Capt. Chesley "Sully" Sullenberger and 1st Officer Jeffrey Skiles piloted flights Thursday from Charlotte, N.C., to New York and back.
It was their first time together in the cockpit since they had to ditch their disabled plane in the Hudson River, saving the more than 150 people on board.
At a news conference at LaGuardia Airport, Sullenberger said the Miracle on the Hudson "happened at a time when people needed to know that good could still be done in the world."
Charlotte-to-New York passenger Wyatt Smith says everyone cheered and clapped when boarding Thursday morning.
He says he felt "honored and safe" that Sully was the pilot on the US Airways flight.
Sullenberger's trumpeted return to the skies Thursday afternoon will actually be the famed captain's fourth flight since he successfully landed his crippled US Airways jet in the Hudson River back in January, US Airways admitted.
The airline had billed the flight from New York to Charlotte, N.C., Daily News reported "Sully" was in the cockpit for the flight from Charlotte to New York's LaGuardia airport., but the
But Sullenberger had taken to the skies previously - twice on Sept. 11 - reports CBS News correspondent Jeff Glor. Those two passenger flights were part of his re-training process.
Sullenberger's flight Thursday morning was his first with Skiles, reuniting the "Miracle on the Hudson" crew.
"I was overwhelmed when I found out it was him," said Don Lambert, 61, of Fort Mill, S.C., who was on the early morning flight to LaGuardia Airport. "You feel like you have the best pilot in the world fixing to fly you to New York."
"Everybody cheered and clapped when we got on the plane in Charlotte," said Wyatt Smith, 41, also from Fort Mill. "I put my seat back and took a nap. I felt really honored and safe that it was him."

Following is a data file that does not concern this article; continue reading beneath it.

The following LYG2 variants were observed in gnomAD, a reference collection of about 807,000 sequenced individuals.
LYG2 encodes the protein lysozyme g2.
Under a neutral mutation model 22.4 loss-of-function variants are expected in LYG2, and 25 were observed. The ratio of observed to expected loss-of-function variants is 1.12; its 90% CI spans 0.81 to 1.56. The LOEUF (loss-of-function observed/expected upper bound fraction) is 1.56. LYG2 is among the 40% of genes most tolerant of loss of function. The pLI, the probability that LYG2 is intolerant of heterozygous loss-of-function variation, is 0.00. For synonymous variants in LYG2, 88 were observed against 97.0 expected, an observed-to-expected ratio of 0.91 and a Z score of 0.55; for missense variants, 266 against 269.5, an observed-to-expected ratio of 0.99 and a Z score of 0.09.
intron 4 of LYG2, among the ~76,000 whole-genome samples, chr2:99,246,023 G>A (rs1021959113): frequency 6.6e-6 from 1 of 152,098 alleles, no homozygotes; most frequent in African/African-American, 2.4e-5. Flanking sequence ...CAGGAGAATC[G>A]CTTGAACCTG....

When asked why the airline had trumpeted Thursday afternoon's flight as his first, airline spokesman Jonathan Freed said it was his first "symbolic" flight back.
"It's the one that they're emotionally attached to," Freed said.
Sullenberger was flying out of New York's LaGuardia airport on Jan. 15 when his Airbus A320's engines failed after a mid-air collision with a flock of geese. With no other options for a safe landing, Sullenberger guided the plane safely down the Hudson for a now-famous splashdown that saved all 155 people on board and made him an aviation folk hero in the process.
Glor reports that Sullenberger has hardly had time to stay grounded in the past eight and a half months, recounting the landing on the Hudson, writing a book and testifying before Congress.
On "The Early Show" Thursday, Kristy Spears, a passenger on the flight that went down in the Hudson, said the experience changed her life.
"I'd like to say that I haven't changed dramatically. I'm still me. But there is something different because it was a significant event in my life, and it's a part of me now, and I think about it every day," Spears said. "Not a single day goes by that something doesn't occur that brings it back."
However, Spears said she was planning to fly with Sullenberger again on her flight home to Charlotte Thursday afternoon.
She said if given the chance to fly the "miracle" flight again she would - just as long as she knew the favorable outcome for the passengers and crew.